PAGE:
At the spa, I discover a full menu of Asian-inspired treatments, from acupuncture and aquatic reflexology to Thai foot massage and Watsu water sessions for pregnant women. I opt for Luk Pra Kob, a Thai massage treatment that uses hot medicine balls filled with such ingredients as juniper, cypress, and camphor.
Natural light floods the treatment area, which is a perk in itself compared with the dark confines of many spa massage rooms. Thai massage is a curious thing. I'm pulled and pushed and pressed like a Gumby doll, and at the end I feel several inches taller and lighter on my feet. The steam-heated medicine balls have been pressed into my joints and muscles, easing any aches or stiffness. After two hours, I'm a new me.
The next morning, the sky looks stuffed with cotton, but I don't mind. After a day and a half of blazing sun, the overcast skies allow me to feel meditative in a way I haven't before. I've signed up for a ''balates" class with Vanessa Bossardt, 26, a dancer formerly with the San Francisco Ballet and Ballet Arizona. She developed the custom class, a fusion of ballet and Pilates posture, especially for the Sanctuary. We begin by warming up with a series of classic Pilates mat exercises (leg raises, modified push-ups) and then move to the barre for classic ballet moves (plies, toe points).
The third portion is devoted to spontaneous dance across the studio floor. This is where I discover my inner Martha Graham. With Bossardt's encouragement, I jump and twirl in front of the floor-to-ceiling mirrors, growing less inhibited with each pass.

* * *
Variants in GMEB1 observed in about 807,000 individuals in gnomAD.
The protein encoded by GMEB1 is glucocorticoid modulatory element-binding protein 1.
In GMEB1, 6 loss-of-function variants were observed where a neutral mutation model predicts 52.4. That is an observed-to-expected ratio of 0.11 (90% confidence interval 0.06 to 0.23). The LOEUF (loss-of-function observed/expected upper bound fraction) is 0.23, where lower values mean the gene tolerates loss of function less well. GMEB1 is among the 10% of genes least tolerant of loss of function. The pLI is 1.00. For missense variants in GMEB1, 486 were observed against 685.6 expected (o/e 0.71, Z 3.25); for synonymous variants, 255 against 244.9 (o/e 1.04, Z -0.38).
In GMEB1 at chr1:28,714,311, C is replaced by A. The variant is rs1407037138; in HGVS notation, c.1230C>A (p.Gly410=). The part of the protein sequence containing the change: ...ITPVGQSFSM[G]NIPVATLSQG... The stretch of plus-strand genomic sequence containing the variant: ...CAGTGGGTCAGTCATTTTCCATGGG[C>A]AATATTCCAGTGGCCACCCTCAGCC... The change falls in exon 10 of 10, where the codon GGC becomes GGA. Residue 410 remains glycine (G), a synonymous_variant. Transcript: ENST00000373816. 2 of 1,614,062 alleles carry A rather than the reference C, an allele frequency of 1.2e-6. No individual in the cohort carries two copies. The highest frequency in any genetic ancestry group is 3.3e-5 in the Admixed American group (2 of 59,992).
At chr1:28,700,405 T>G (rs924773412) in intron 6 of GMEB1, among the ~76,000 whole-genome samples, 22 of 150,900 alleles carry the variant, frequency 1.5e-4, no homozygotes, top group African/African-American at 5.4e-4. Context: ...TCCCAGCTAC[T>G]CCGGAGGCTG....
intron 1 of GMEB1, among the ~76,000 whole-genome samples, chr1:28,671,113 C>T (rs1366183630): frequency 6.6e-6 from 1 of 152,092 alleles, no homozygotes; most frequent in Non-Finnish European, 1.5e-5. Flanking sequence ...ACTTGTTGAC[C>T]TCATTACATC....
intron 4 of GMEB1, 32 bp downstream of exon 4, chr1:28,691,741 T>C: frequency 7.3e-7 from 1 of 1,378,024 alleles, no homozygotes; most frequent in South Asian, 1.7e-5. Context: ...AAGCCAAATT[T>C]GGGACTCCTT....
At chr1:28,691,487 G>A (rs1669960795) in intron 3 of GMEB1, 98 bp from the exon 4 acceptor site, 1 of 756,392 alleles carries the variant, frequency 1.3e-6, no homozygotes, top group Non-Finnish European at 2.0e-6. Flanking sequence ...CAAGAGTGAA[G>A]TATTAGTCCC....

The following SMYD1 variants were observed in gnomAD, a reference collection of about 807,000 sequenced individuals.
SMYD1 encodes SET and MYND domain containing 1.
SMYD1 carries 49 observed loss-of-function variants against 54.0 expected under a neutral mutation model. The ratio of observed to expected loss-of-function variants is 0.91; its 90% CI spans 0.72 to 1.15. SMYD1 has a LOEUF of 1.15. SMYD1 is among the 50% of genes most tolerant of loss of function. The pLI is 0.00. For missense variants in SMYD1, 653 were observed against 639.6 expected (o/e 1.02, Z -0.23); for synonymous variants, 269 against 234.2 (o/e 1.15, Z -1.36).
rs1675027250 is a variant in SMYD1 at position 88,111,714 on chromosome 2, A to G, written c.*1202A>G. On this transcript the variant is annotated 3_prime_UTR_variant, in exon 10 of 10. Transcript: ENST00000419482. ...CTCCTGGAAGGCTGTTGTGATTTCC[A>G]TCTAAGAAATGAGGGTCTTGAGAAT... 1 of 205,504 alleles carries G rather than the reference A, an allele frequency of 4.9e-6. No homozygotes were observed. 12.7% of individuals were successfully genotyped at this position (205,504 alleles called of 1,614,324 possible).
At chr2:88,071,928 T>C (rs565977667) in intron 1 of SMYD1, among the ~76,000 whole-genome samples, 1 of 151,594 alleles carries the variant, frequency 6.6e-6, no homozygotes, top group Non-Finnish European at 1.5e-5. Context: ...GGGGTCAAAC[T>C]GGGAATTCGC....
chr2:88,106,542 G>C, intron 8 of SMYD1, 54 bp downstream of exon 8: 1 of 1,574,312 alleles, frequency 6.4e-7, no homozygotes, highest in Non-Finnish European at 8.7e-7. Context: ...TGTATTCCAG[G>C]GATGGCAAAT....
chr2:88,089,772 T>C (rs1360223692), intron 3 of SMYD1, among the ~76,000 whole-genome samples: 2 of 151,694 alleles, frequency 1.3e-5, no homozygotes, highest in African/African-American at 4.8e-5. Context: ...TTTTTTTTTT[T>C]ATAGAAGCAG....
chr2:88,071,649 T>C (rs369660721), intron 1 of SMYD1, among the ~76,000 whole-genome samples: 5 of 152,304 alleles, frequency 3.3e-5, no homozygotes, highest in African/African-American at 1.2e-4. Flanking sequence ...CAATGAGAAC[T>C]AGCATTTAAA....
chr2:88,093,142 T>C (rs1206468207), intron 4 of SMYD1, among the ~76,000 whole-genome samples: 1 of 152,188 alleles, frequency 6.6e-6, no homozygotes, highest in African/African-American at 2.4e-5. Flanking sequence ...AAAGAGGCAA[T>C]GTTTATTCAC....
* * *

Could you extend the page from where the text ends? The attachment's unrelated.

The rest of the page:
It's in this newly invigorated state that I spend my final morning hiking to the top of Camelback Mountain with Melissa Branta, 28, a fitness specialist for the resort. ''Sometimes I'll go up the mountain several times a day, leading hikes," says Branta, adding that this routine has sharpened her abilities on trails elsewhere. She tells me Camelback has its own climbing guru: Jack Dunn, aka ''Camelback Jack," a 43-year-old adventure racer who routinely does three or four consecutive climbs to the top before breakfast. He currently holds the Camelback record for the most consecutive hikes (25 times in 24 hours).
It's a breathless hike to the summit -- the 1,300-foot elevation gain is over a mere 1.2 miles, which makes for some steep terrain -- and the 360-degree desert panoramas of Phoenix (Sanctuary is about a 15-minute drive from Phoenix Sky-Harbor Airport) and its surrounds are worth every puff. Ruby-throated hummingbirds flit from flower to flower, and the sun is just starting to heat up the landscape. Though I envy his endurance, I'm glad I'm not dashing from rock to rock like Camelback Jack.
The view from the top seems the right way to finish the weekend, and I balance on the edge of the cliff, feeling calm, clear, and good about the world below.
Bonnie Tsui is a California-based writer.